On July 3, 1776, John Adams wrote a letter to his wife, telling her that the day before, July 2, would go down as one of the most memorable and celebrated dates in American history. He was off by two days. Why?
The reason is simple and universal: People aren’t predictable. Logically, Americans should be celebrating the Second of July instead of the Fourth, because July 2, 1776 was the day that the Continental Congress voted for independence. The day that we celebrate, July 4, was the day that Congress adopted the Declaration of Independence. We basically chose to celebrate paperwork over democracy. It’s understandable that Adams failed to see that coming.
The Second Day of July 1776, will be the most memorable Epocha, in the History of America. I am apt to believe that it will be celebrated, by succeeding Generations, as the great anniversary Festival.
– John Adams, July 3, 1776
In Adams’s eyes, it was the vote, not the adoption of the document that was the significant achievement. Looking at the inner-workings of democracy, it’s hard to argue with him — getting (almost) everyone to agree on something so fundamentally trajectory-altering was a significant achievement. It was the day that set into motion the formation of the country as it is now, but the day that we celebrate is pretty much the day we put at the top of the paperwork. Sure, maybe July 4 was the day Shit Got Real(TM), but as far as Big Steps go, Adams might’ve been right in saying that July 2 was the day that should’ve been remembered.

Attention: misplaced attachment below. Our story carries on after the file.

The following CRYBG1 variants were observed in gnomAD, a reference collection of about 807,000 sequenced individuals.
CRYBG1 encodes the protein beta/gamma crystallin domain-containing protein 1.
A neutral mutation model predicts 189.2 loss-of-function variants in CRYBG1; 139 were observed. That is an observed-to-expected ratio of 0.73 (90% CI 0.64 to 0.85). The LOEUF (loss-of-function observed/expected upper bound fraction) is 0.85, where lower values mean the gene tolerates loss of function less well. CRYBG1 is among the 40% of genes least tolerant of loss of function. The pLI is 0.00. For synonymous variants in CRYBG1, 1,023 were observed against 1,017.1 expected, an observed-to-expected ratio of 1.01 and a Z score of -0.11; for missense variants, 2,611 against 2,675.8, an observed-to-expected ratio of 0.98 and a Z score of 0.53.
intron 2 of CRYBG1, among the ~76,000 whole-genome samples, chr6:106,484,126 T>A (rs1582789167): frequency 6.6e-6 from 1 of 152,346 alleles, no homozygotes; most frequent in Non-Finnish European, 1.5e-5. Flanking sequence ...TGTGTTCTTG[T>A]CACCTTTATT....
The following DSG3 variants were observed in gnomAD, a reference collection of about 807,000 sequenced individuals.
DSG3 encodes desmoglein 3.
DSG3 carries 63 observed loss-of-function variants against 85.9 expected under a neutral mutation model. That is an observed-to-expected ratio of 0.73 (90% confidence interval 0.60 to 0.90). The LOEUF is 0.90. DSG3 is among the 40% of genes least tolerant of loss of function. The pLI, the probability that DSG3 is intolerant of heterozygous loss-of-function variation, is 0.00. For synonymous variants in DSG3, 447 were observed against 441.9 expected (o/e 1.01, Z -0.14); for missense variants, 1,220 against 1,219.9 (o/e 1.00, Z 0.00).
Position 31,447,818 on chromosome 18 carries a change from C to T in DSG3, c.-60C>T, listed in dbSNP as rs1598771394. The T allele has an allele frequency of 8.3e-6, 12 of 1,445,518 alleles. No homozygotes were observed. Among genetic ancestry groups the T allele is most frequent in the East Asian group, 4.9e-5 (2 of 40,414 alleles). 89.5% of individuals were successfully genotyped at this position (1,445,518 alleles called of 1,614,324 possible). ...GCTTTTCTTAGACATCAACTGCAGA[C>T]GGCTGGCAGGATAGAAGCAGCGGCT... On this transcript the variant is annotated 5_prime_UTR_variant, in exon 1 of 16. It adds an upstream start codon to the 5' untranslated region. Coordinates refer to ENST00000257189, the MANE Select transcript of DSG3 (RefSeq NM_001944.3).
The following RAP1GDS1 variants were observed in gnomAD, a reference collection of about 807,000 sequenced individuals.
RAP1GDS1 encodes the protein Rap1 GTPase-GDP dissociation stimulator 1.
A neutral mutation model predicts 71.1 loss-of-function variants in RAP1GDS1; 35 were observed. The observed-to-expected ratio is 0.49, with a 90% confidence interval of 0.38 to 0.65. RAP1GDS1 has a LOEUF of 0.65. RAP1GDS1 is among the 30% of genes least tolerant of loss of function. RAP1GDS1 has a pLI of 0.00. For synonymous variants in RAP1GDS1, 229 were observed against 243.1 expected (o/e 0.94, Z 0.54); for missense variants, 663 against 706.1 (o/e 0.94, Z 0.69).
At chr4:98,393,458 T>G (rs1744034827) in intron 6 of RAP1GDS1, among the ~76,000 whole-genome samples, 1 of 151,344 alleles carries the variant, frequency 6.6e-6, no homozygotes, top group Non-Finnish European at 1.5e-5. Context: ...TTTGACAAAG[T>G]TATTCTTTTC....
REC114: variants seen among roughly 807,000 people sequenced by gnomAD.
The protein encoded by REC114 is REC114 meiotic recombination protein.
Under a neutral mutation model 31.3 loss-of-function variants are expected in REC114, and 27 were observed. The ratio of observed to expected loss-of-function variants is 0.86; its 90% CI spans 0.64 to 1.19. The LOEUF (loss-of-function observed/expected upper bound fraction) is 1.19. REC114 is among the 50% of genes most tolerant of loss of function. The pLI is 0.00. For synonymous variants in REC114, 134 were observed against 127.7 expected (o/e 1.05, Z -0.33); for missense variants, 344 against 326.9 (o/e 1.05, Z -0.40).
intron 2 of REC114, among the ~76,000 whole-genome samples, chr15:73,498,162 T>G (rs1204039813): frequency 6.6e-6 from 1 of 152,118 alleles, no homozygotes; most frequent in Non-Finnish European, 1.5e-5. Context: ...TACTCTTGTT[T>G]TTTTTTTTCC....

Adams thought that July 2 would be our day of, “Bells, Bonfires and Illuminations from one End of this Continent to the other.” Alas, that’s not how it transpired. As a nation, we went by the letter of the document and dubbed the Fourth of July the day of sparklers, fireworks, whizzbangs, Budweiser (America?), patriotic bunting, and potato salad. Adams’s prediction wasn’t a bad or unfounded one, but it turns out that seeing “July 4” atop the Declaration of Independence had a powerful impact, and that’s the day that stuck in American History.
50 years later, John Adams and Thomas Jefferson died on July 4, 1826. So at least he finally came around on that date’s significance.
Maybe if news traveled a little faster in the 18th century, we’d all have July 2 off instead of July 4 (which would mean no long weekend this year). Maybe if the document had been signed in the same week or even the same month, that’s the day we’d be celebrating. After all, there are a slew of noteworthy dates related to our independence in July 1776. July 4 just happens to be the one printed on top of one of the most significant documents in the history of this nation.